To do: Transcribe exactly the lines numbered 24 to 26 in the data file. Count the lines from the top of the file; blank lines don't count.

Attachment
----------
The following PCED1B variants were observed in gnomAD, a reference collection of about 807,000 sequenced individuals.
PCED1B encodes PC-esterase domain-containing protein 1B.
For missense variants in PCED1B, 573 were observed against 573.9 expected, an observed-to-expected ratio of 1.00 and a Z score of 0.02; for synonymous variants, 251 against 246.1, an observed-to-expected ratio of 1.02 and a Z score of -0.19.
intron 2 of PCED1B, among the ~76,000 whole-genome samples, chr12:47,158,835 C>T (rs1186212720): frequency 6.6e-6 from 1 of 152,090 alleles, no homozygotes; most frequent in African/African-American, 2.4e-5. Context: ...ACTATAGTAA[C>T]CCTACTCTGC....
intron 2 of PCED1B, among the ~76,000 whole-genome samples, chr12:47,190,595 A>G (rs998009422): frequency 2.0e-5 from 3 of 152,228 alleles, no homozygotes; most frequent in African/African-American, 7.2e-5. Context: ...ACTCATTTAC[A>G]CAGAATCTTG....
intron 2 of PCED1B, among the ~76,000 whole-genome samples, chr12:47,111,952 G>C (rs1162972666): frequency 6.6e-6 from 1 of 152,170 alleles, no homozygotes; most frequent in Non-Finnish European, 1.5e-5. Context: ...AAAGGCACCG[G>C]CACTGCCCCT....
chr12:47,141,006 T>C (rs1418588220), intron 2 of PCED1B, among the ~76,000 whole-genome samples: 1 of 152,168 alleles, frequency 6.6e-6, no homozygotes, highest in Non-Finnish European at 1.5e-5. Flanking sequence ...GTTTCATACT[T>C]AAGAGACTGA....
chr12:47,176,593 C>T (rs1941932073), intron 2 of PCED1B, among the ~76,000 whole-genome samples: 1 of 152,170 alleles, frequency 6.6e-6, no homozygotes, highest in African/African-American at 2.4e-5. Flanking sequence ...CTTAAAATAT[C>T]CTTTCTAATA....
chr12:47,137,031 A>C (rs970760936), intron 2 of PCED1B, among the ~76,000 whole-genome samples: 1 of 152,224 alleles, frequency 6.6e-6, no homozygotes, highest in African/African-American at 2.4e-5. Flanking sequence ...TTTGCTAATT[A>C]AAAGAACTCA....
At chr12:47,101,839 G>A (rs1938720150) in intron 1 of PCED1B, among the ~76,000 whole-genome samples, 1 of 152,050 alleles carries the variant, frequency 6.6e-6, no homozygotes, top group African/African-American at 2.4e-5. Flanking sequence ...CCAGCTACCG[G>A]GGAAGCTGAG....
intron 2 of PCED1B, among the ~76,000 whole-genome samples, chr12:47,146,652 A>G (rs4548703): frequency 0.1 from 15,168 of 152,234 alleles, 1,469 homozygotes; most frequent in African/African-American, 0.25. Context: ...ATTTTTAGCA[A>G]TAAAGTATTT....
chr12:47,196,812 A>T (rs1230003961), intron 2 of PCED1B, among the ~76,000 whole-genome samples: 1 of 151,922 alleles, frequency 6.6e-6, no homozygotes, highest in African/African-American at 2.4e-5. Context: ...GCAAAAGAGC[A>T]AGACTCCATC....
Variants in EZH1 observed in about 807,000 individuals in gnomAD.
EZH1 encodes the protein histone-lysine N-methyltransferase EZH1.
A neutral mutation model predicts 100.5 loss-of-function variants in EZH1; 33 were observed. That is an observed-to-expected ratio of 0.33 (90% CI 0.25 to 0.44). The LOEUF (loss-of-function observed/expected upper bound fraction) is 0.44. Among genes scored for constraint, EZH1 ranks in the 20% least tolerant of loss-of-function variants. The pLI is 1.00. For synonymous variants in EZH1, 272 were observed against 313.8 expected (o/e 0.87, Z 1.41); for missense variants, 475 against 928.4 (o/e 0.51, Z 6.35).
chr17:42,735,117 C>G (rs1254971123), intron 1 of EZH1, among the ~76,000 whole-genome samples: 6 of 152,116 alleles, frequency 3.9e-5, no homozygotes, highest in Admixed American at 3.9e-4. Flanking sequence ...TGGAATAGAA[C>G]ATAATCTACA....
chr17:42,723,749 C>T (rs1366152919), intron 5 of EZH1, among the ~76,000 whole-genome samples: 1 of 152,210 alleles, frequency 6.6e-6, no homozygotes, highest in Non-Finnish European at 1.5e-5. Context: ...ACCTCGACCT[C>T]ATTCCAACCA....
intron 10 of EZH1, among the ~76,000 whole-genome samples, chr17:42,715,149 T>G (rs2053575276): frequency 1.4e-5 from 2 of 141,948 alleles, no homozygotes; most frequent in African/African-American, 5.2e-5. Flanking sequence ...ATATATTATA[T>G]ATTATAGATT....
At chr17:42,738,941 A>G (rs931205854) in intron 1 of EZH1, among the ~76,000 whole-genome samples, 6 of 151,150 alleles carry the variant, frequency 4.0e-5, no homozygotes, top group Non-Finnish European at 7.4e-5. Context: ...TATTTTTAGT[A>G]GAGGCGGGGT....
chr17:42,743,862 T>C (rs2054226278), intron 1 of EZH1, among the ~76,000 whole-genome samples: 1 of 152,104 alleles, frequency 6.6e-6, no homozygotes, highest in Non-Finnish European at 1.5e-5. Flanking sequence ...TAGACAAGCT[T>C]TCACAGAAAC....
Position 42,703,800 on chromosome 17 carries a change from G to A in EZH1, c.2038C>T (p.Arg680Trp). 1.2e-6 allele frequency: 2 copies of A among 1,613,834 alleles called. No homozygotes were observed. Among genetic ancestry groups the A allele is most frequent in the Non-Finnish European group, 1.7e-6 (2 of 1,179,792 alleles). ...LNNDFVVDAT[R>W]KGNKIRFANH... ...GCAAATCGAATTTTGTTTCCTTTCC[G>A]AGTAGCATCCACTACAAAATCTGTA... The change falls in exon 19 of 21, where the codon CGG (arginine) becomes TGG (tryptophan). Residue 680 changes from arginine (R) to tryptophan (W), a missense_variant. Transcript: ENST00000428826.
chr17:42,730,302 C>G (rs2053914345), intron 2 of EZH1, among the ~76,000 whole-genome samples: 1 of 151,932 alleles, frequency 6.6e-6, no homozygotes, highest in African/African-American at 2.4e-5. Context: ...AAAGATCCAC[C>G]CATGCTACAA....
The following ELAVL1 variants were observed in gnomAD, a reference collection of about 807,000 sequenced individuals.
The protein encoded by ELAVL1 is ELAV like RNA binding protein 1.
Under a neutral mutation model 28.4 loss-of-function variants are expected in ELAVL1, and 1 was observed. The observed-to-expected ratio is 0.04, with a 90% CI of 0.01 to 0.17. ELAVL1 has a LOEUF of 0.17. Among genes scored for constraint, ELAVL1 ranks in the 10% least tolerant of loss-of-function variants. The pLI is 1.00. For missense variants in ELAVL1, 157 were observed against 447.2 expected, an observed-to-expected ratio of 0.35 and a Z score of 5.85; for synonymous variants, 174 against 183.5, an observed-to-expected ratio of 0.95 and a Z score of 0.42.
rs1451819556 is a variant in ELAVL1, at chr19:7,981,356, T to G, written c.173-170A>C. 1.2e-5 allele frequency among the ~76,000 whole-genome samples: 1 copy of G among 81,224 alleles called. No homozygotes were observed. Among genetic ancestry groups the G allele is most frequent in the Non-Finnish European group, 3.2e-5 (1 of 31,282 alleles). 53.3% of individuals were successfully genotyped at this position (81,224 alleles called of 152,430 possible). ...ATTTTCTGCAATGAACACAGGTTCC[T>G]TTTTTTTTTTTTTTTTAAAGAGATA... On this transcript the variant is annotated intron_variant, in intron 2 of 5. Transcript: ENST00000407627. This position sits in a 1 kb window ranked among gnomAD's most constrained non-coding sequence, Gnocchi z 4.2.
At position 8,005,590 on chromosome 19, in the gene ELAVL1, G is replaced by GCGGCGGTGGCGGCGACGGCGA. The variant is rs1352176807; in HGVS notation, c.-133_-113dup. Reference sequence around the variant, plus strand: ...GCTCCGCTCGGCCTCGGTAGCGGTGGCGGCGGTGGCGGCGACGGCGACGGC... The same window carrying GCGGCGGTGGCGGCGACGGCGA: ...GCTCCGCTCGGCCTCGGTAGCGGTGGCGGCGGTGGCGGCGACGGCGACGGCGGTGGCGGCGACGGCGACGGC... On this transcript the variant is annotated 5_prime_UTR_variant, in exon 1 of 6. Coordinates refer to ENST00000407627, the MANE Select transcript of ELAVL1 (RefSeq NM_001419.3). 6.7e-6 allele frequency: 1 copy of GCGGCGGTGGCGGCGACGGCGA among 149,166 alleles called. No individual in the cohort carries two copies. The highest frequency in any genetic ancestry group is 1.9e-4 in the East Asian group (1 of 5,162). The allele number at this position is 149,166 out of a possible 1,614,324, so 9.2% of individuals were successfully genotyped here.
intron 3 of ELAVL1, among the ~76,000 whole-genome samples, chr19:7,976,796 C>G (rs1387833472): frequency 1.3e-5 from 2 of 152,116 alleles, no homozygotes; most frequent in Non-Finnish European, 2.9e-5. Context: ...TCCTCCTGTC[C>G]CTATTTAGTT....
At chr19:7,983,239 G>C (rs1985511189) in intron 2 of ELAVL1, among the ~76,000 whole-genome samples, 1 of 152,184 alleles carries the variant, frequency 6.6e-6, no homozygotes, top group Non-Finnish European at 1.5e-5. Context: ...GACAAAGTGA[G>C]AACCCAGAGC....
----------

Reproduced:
The protein encoded by ELAVL1 is ELAV like RNA binding protein 1.
Under a neutral mutation model 28.4 loss-of-function variants are expected in ELAVL1, and 1 was observed. The observed-to-expected ratio is 0.04, with a 90% CI of 0.01 to 0.17. ELAVL1 has a LOEUF of 0.17. Among genes scored for constraint, ELAVL1 ranks in the 10% least tolerant of loss-of-function variants. The pLI is 1.00. For missense variants in ELAVL1, 157 were observed against 447.2 expected, an observed-to-expected ratio of 0.35 and a Z score of 5.85; for synonymous variants, 174 against 183.5, an observed-to-expected ratio of 0.95 and a Z score of 0.42.
rs1451819556 is a variant in ELAVL1, at chr19:7,981,356, T to G, written c.173-170A>C. 1.2e-5 allele frequency among the ~76,000 whole-genome samples: 1 copy of G among 81,224 alleles called. No homozygotes were observed. Among genetic ancestry groups the G allele is most frequent in the Non-Finnish European group, 3.2e-5 (1 of 31,282 alleles). 53.3% of individuals were successfully genotyped at this position (81,224 alleles called of 152,430 possible). ...ATTTTCTGCAATGAACACAGGTTCC[T>G]TTTTTTTTTTTTTTTTAAAGAGATA... On this transcript the variant is annotated intron_variant, in intron 2 of 5. Transcript: ENST00000407627. This position sits in a 1 kb window ranked among gnomAD's most constrained non-coding sequence, Gnocchi z 4.2.